91SusieBookworm
Jul 4, 2009, 5:13pm Top

My brother, when he was younger, collected a lot of random rocks. We put them in glass jars and used those as bookends. Shells, too.
We also have metal dog-shaped ones and a single bookend that I think resembles Big Ben. We always need heavy ones and bookends we find in antique stores are usually too expensive, however, so we frequently just stack books up on the sides of shelves. I prefer the L-shaped metal bookends; leaves more space available for books.

92LA12Hernandez
Jul 5, 2009, 9:32pm Top

I the only set of bookends I have are brass and shaped like starglobes. Like many in the thread I use them to display a few books in the study.

93droupou
Jul 6, 2009, 10:34am Top

I have started using my pipe tobacco jars as bookends. They serve a dual purpose, and it looks nice too. Another place I find good, and inexpensive book ends from is ebay. I have a nice set of dragon heads I bought for $0.99 and paid around $5.00 s&h.

94cindysprocket
Jul 18, 2009, 7:25pm Top

I have mostly 2 bookends for my books. The only single is one from my better half's parents home. Made from plaster embossed with Old Ironsides, Look like a sailing ships and props up 3 of my Dad's high school text books from the 1930's next to my reading lamp. That way my favorite people are always close to me.

95Barton
Sep 16, 2009, 7:04am Top

I have numerous bookends. I have to sets of Assyrian bookends, Bulsl and Lions. (From the Smithsonian Museum) I also have various university bookends from the schools I attended. As well I have some rock/mineral bookends. They occupy the top of bookcases where I put more books. They are also used on top of end tables or on top of various pieces of furniture around the house. Normally set of books are placed within the bookends. (e.g. Gibbons Decline and Fall)

96paperkingdoms
Oct 6, 2009, 12:39am Top

I have some paving bricks that I upholstered -- the 6" square kind, two back-to-back for stability, wrapped in batting, and then in some pretty taupe/white cotton canvas raw edges carefully folded in and glued. Still narrowish, but heavy enough to hold their own. They make the tops of my bookshelves usable as shelf space.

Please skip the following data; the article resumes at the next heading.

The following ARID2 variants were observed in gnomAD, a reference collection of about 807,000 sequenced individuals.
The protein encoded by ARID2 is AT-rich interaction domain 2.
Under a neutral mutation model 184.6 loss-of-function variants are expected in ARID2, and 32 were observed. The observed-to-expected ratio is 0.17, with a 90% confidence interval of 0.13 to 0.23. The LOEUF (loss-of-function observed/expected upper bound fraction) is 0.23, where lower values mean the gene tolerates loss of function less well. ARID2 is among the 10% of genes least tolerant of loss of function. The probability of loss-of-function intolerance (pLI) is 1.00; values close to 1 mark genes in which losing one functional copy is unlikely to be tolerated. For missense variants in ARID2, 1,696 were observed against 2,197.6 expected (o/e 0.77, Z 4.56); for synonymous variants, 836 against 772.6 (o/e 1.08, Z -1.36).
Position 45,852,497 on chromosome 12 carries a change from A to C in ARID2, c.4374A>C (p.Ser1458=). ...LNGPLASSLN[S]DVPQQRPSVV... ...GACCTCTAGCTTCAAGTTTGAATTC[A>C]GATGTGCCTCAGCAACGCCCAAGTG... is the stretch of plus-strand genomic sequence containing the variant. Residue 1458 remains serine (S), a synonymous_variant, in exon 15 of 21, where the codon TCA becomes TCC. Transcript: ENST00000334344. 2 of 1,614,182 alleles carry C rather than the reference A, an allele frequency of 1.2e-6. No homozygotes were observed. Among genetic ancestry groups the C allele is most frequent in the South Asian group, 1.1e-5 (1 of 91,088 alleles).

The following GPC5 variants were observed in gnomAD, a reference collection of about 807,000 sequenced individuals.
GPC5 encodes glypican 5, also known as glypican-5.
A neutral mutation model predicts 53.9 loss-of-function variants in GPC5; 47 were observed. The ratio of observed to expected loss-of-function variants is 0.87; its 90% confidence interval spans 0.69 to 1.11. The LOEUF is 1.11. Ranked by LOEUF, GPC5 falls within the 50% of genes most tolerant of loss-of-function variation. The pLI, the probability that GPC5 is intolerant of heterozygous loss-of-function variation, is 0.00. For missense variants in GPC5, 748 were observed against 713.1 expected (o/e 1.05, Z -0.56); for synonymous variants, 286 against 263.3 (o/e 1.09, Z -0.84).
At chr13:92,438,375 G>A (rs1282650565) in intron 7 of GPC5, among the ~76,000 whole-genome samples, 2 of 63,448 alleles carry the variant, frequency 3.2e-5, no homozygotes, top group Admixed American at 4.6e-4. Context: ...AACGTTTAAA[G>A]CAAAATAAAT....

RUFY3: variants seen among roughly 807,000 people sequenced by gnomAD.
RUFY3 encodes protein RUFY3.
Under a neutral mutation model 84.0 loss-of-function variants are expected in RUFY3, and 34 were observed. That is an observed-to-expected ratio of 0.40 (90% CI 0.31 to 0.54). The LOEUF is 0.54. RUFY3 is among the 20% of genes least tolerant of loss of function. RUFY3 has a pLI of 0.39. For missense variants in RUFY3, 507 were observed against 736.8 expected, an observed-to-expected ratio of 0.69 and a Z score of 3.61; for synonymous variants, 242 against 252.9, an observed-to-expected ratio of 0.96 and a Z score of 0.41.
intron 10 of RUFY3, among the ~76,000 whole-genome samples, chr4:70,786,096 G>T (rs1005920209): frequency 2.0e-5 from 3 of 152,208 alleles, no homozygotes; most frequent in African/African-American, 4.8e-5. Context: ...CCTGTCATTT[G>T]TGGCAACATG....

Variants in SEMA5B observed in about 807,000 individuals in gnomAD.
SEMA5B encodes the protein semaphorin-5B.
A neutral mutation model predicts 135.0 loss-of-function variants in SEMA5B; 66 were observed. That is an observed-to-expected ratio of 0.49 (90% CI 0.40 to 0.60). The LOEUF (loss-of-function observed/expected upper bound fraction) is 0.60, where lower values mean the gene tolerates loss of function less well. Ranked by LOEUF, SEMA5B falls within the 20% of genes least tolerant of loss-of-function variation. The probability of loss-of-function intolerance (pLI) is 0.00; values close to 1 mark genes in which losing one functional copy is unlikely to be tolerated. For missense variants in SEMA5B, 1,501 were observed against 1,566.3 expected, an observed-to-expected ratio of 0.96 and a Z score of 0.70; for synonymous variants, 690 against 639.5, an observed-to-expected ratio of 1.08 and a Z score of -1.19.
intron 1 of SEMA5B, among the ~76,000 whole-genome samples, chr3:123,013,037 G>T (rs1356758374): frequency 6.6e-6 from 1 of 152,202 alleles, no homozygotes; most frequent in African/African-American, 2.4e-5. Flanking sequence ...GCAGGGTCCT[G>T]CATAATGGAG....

97diasukie
Edited: Dec 11, 2009, 8:31am Top

warbrideslass - Thank you for sharing (in mesage #9) I never thought of it for bookends and the other uses you mentioned. My bookends like to "travel" so they do not get used much. I'll be picking up some of the rubbery mesh as soon as I get to the store. Can't wait to try it out:) I wish I saw this thread sooner.

98Mweb
Dec 11, 2009, 2:41pm Top

Never enough space for books so it's just a pipe dream but I've always wanted a fox bookends - one a head and one a tail.
Varielle 64 do you have a photo of your deco foxes ?

99varielle
Edited: Dec 14, 2009, 10:24am Top

I will try to take one this weekend, but someone will have to coach me on how to post it.

Updated to add that I have a jpg pic now. Is there anyway to post it without opening an account at photobucket, etc.? I do have an account at shutterfly, but am not sure if I put it out there if I can get it to show up here. Can any of you sage folk advise?

101varielle
Jul 7, 2010, 6:59pm Top

I never could figure out how to post the actual picture, but here's a link that will take you to it.

102sakemiki
Jul 10, 2010, 2:32pm Top

What a great idea! I'll get my scissors out right away...

103Honya451
Jun 20, 2011, 1:32pm Top

I've had no luck with decorative bookends - ones I've bought, found, made, they all get pushed off by the weight of my books and get broken or wrecked. Finally, I settled on the commercial metal bookends, where part of the metal sticks out underneath that the books sit on. Simple and reliable, haven't had any trouble with these.

104Keeline
Jun 20, 2011, 1:56pm Top

We've always said that if you need bookends, you are doing it wrong!

I see we are not the only ones.

I do own a metal L-shaped one for my cookbooks because of where they are located. I have two Nancy Drew silhouette bookends which I bought because we collect ND books. I have two LotR bookends that came with DVDs. And because I love geodes someone once gave me two large blue cut geodes and I used to use them to hold books at the top of a display case. One day the books pushed the geode over and it fell on the desk below leaving a sizeable bit of damage to the desk I had recently refinished. They are used purely as decorative items and hold no weight now and those books are elsewhere in the house nowadays.